But for nurses currently in the field, many say it is still not enough.

“Folks were talking about the pipeline in, but not giving due consideration to the revolving door out,” Riccelli said.

Unions representing nurses, nursing assistants and other hospital workers statewide surveyed their own members and found that almost half are considering leaving the field in the next few years.

The December survey found that short-staffing, lack of pay and workplace safety are among the top reasons health care workers are considering leaving. More than 70% said the top reason for wanting to leave was staffing issues.

Jack Sorensen, spokesperson for a coalition of nursing and health care worker unions, said in a statement they were hoping to get the bill out of committee quickly.

“Our health care workers need real solutions to the staffing crisis and resulting burnout,” Sorensen tweeted. “It’s getting worse, and hospital executives have provided no answers.”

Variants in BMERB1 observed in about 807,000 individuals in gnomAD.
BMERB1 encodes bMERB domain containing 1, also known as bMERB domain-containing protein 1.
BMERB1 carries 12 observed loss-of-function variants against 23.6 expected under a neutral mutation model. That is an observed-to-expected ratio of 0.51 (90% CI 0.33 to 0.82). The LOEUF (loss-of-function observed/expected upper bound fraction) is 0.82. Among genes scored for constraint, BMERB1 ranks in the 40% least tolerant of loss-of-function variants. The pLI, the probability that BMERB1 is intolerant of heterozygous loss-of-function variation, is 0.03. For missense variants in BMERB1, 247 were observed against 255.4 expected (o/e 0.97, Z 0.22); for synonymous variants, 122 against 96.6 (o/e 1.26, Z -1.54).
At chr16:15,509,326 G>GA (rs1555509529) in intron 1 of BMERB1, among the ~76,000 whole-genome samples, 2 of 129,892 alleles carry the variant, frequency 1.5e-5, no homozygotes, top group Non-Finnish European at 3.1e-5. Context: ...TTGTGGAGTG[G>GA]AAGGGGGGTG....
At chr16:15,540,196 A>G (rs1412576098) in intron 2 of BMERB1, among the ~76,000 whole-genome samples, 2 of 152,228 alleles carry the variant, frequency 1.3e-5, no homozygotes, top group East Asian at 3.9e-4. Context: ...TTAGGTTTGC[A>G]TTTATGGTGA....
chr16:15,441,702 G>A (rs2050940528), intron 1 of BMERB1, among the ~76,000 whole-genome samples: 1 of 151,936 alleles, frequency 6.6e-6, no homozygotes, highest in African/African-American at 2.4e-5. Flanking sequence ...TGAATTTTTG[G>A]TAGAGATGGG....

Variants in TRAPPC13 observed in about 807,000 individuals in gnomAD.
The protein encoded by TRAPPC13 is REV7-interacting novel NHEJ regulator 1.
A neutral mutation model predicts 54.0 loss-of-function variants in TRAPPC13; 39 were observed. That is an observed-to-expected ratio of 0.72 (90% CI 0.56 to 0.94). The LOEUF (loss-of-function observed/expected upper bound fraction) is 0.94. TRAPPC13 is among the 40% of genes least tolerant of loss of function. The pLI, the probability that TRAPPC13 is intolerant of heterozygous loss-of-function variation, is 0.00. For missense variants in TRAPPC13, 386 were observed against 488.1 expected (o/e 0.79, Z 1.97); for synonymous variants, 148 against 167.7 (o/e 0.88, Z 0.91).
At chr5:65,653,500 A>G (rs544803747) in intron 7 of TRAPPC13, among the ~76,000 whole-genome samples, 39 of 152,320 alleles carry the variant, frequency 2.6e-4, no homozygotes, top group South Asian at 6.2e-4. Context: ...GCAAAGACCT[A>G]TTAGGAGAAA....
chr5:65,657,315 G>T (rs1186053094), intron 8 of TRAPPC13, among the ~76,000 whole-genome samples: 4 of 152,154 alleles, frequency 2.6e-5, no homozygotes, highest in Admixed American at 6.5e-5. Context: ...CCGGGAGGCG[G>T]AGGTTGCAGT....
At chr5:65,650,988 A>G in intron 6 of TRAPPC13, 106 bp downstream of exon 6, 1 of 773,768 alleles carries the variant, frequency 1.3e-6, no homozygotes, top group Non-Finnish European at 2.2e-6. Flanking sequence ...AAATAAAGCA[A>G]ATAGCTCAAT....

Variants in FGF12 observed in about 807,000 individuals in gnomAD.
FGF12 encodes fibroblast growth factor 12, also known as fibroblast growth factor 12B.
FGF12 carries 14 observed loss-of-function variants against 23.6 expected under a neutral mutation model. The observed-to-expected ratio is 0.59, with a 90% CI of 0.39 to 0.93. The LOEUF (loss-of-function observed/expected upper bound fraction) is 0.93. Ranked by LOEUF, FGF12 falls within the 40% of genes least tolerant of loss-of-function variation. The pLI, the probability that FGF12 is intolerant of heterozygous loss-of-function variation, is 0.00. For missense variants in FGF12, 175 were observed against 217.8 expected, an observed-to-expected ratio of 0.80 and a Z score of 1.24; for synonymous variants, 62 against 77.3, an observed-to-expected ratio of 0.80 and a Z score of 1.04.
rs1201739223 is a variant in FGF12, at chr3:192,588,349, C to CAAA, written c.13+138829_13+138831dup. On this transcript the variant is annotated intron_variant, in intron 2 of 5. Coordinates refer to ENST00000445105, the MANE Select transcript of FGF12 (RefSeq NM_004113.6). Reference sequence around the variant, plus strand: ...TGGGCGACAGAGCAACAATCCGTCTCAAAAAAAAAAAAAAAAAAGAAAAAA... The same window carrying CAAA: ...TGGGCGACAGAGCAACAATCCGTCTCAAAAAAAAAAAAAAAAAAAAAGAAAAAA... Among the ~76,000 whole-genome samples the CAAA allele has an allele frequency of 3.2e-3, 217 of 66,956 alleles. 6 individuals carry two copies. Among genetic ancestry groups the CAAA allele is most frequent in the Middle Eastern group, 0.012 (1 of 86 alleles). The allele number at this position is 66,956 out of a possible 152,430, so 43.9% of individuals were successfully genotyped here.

Riccelli said he does think parts of the proposal will come back in future sessions. The bill also addressed concerns around meal and rest breaks, overtime and accountability for hospital staffing plans.

Sorensen said unions are “absolutely not done fighting for the safety of health care workers and patients.”

S-R reporter Arielle Dreher contributed to this report.

Laurel Demkovich's reporting for The Spokesman-Review is funded in part by Report for America and by members of the Spokane community. This story can be republished by other organizations for free under a Creative Commons license. For more information on this, please contact our newspaper’s managing editor.